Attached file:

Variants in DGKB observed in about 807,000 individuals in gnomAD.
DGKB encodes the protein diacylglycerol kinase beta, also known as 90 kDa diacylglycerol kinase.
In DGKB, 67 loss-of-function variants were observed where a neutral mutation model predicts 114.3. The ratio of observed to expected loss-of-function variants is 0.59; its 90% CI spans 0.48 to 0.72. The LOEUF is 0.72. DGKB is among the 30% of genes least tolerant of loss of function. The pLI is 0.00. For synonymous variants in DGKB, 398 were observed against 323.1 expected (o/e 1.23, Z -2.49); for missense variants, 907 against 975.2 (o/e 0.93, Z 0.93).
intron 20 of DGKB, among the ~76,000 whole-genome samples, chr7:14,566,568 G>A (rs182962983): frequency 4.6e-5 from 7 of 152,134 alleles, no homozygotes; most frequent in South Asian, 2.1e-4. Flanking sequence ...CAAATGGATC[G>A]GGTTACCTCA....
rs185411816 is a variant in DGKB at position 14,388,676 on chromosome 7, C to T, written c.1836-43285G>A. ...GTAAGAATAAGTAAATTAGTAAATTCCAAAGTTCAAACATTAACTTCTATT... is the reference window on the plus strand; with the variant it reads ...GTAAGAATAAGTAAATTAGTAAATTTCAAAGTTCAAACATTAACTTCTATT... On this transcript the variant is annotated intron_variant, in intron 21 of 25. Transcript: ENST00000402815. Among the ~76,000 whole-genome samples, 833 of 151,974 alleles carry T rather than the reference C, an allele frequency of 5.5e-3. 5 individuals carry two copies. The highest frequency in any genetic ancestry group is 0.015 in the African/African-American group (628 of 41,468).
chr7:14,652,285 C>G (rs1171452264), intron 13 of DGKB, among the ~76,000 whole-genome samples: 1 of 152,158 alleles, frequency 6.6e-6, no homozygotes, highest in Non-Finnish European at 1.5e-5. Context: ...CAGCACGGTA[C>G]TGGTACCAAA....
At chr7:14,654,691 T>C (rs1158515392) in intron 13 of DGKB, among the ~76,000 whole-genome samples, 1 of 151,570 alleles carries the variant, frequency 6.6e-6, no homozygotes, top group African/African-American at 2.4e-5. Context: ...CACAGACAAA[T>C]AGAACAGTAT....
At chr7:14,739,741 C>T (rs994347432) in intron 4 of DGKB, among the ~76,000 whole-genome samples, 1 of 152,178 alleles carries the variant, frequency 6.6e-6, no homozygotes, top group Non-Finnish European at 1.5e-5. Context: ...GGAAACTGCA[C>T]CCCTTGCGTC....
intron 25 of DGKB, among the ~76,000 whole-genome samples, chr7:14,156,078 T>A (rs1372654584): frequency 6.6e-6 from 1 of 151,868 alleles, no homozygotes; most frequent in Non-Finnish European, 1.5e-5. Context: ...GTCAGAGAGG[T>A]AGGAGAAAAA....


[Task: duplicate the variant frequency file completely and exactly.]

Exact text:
Variants in DGKB observed in about 807,000 individuals in gnomAD.
DGKB encodes the protein diacylglycerol kinase beta, also known as 90 kDa diacylglycerol kinase.
In DGKB, 67 loss-of-function variants were observed where a neutral mutation model predicts 114.3. The ratio of observed to expected loss-of-function variants is 0.59; its 90% CI spans 0.48 to 0.72. The LOEUF is 0.72. DGKB is among the 30% of genes least tolerant of loss of function. The pLI is 0.00. For synonymous variants in DGKB, 398 were observed against 323.1 expected (o/e 1.23, Z -2.49); for missense variants, 907 against 975.2 (o/e 0.93, Z 0.93).
intron 20 of DGKB, among the ~76,000 whole-genome samples, chr7:14,566,568 G>A (rs182962983): frequency 4.6e-5 from 7 of 152,134 alleles, no homozygotes; most frequent in South Asian, 2.1e-4. Flanking sequence ...CAAATGGATC[G>A]GGTTACCTCA....
rs185411816 is a variant in DGKB at position 14,388,676 on chromosome 7, C to T, written c.1836-43285G>A. ...GTAAGAATAAGTAAATTAGTAAATTCCAAAGTTCAAACATTAACTTCTATT... is the reference window on the plus strand; with the variant it reads ...GTAAGAATAAGTAAATTAGTAAATTTCAAAGTTCAAACATTAACTTCTATT... On this transcript the variant is annotated intron_variant, in intron 21 of 25. Transcript: ENST00000402815. Among the ~76,000 whole-genome samples, 833 of 151,974 alleles carry T rather than the reference C, an allele frequency of 5.5e-3. 5 individuals carry two copies. The highest frequency in any genetic ancestry group is 0.015 in the African/African-American group (628 of 41,468).
chr7:14,652,285 C>G (rs1171452264), intron 13 of DGKB, among the ~76,000 whole-genome samples: 1 of 152,158 alleles, frequency 6.6e-6, no homozygotes, highest in Non-Finnish European at 1.5e-5. Context: ...CAGCACGGTA[C>G]TGGTACCAAA....
At chr7:14,654,691 T>C (rs1158515392) in intron 13 of DGKB, among the ~76,000 whole-genome samples, 1 of 151,570 alleles carries the variant, frequency 6.6e-6, no homozygotes, top group African/African-American at 2.4e-5. Context: ...CACAGACAAA[T>C]AGAACAGTAT....
At chr7:14,739,741 C>T (rs994347432) in intron 4 of DGKB, among the ~76,000 whole-genome samples, 1 of 152,178 alleles carries the variant, frequency 6.6e-6, no homozygotes, top group Non-Finnish European at 1.5e-5. Context: ...GGAAACTGCA[C>T]CCCTTGCGTC....
intron 25 of DGKB, among the ~76,000 whole-genome samples, chr7:14,156,078 T>A (rs1372654584): frequency 6.6e-6 from 1 of 151,868 alleles, no homozygotes; most frequent in Non-Finnish European, 1.5e-5. Context: ...GTCAGAGAGG[T>A]AGGAGAAAAA....